Design for low friction and hysteresis

Minimization of friction and virtual play in high-precision structures, connections and guideways

Hysteresis is the dependence of the state of a system on its history. This is detrimental for precision positioning because the position-force relation is not unique, causing position uncertainty which is generally difficult to compensate for.

Effects that contribute to hysteresis are (1) backlash, (2) friction, (3) micro slip, and (4) material hysteresis. Viscous damping does not contribute to hysteresis because the forces are only velocity dependent and history independent. Statically it does not influence positioning, and in motion the forces can be obtained without history.

This chapter will illustrate a number of techniques to either avoid or to reduce hysteresis. Backlash results in large position uncertainty and therefore it should be avoided in precision applications. A number of principles will be shown. Friction in positioning causes virtual play which should be minimized. Virtual play in precision applications is typically experienced in positioning against end stops and in positioning using kinematic couplings. If a load is transferred by means of friction, a certain area with distributed normal force is required to generate enough normal force to transfer the entire load without slip. If the load is not directly acting on the entire area but is gradually transferred by friction between two surfaces a portion of the area in contact may initially slip if the local stiffness of the parts in contact are unequal. This is called micro slip, which is typically experienced in the clamping and bolting of parts and specifically leafsprings. Material hysteresis is the primary cause of rolling resistance when using rolling elements. This is attributed to the viscoelastic characteristics of the material of the rolling element. The hysteresis in positioning systems can be mitigated by using air bearings, or minimized by using flexures shown in chapter 3.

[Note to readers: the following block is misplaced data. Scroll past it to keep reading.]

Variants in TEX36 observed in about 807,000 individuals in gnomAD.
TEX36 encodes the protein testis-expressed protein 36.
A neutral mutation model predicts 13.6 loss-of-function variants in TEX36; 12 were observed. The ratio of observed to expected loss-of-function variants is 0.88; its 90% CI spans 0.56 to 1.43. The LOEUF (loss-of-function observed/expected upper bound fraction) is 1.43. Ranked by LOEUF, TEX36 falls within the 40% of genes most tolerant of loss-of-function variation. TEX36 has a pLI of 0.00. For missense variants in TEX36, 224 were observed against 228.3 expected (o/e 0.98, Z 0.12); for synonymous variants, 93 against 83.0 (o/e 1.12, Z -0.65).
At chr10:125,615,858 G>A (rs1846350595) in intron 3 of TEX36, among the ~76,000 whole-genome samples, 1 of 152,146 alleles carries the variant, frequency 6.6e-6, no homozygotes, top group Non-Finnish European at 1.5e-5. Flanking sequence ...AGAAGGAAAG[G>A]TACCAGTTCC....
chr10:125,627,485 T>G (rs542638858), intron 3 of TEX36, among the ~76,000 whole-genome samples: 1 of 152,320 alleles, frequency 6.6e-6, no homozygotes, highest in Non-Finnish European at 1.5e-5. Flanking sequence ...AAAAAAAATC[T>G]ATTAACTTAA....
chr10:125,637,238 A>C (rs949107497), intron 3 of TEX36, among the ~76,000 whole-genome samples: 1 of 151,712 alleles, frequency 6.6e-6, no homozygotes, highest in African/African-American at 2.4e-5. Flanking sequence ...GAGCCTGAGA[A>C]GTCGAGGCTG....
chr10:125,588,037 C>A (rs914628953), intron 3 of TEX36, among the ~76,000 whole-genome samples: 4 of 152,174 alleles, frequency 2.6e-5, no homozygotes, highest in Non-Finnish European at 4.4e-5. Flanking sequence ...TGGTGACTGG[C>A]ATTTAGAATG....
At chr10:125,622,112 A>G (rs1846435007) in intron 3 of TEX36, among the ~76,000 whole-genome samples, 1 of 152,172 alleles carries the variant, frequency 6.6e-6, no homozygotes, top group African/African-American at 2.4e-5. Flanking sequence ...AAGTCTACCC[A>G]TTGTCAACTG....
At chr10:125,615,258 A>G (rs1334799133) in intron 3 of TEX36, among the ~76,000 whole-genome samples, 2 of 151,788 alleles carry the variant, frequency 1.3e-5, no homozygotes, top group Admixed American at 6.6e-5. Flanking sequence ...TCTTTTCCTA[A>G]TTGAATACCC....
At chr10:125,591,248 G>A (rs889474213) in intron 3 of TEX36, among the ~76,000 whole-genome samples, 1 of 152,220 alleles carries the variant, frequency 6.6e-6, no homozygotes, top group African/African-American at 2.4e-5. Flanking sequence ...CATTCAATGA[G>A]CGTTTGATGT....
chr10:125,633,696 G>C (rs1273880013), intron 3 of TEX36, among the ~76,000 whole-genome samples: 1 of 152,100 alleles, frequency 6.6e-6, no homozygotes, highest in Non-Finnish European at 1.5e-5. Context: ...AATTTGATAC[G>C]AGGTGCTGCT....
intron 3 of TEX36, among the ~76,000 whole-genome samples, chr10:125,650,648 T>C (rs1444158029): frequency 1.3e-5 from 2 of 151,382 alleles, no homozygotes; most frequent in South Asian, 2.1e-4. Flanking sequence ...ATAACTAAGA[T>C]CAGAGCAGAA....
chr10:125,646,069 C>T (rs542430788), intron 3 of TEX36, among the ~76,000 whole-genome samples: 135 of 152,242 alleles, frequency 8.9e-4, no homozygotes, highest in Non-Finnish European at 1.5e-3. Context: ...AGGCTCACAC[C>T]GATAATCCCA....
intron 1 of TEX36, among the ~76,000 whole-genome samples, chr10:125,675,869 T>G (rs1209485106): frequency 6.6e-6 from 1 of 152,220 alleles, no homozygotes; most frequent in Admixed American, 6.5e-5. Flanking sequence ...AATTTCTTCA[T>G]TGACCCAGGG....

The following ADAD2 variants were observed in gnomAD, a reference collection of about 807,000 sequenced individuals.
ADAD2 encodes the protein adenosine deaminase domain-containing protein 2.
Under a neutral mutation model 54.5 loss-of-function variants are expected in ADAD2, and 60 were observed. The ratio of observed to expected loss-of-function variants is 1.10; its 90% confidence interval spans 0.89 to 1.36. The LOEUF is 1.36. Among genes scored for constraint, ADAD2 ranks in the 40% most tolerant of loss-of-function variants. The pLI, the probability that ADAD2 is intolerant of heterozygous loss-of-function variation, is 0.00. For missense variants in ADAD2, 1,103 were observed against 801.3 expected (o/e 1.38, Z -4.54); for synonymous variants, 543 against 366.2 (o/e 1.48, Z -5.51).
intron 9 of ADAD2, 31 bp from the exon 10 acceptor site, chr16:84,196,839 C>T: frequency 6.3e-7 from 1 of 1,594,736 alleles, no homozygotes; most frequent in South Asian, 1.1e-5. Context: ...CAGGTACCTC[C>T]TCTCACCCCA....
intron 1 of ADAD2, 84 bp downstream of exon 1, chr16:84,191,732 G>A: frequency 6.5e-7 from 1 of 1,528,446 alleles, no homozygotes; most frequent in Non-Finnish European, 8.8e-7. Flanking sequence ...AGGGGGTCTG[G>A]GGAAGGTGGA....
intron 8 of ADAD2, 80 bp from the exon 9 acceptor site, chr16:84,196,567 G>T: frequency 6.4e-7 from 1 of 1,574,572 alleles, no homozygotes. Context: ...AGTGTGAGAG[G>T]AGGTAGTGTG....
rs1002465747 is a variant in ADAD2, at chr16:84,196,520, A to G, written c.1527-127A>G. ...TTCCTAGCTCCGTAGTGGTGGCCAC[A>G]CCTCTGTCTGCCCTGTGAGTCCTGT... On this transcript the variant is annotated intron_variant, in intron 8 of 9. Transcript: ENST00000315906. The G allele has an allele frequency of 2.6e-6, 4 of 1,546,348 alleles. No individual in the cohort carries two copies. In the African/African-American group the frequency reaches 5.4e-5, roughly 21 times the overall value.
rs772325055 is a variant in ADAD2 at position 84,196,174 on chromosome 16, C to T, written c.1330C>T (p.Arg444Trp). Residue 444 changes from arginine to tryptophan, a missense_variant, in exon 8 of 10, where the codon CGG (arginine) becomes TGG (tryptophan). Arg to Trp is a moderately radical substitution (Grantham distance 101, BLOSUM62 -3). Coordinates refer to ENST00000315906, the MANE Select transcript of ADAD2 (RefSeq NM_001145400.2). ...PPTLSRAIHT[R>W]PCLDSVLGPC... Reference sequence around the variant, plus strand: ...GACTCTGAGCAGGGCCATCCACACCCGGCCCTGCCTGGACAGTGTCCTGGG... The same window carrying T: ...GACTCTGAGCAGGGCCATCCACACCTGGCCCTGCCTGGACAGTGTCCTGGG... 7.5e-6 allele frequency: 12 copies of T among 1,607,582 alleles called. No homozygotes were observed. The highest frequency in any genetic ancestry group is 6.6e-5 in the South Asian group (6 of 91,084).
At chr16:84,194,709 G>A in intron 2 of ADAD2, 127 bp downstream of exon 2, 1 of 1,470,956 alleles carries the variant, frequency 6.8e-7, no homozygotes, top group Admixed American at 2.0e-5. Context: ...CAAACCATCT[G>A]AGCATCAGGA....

Design principles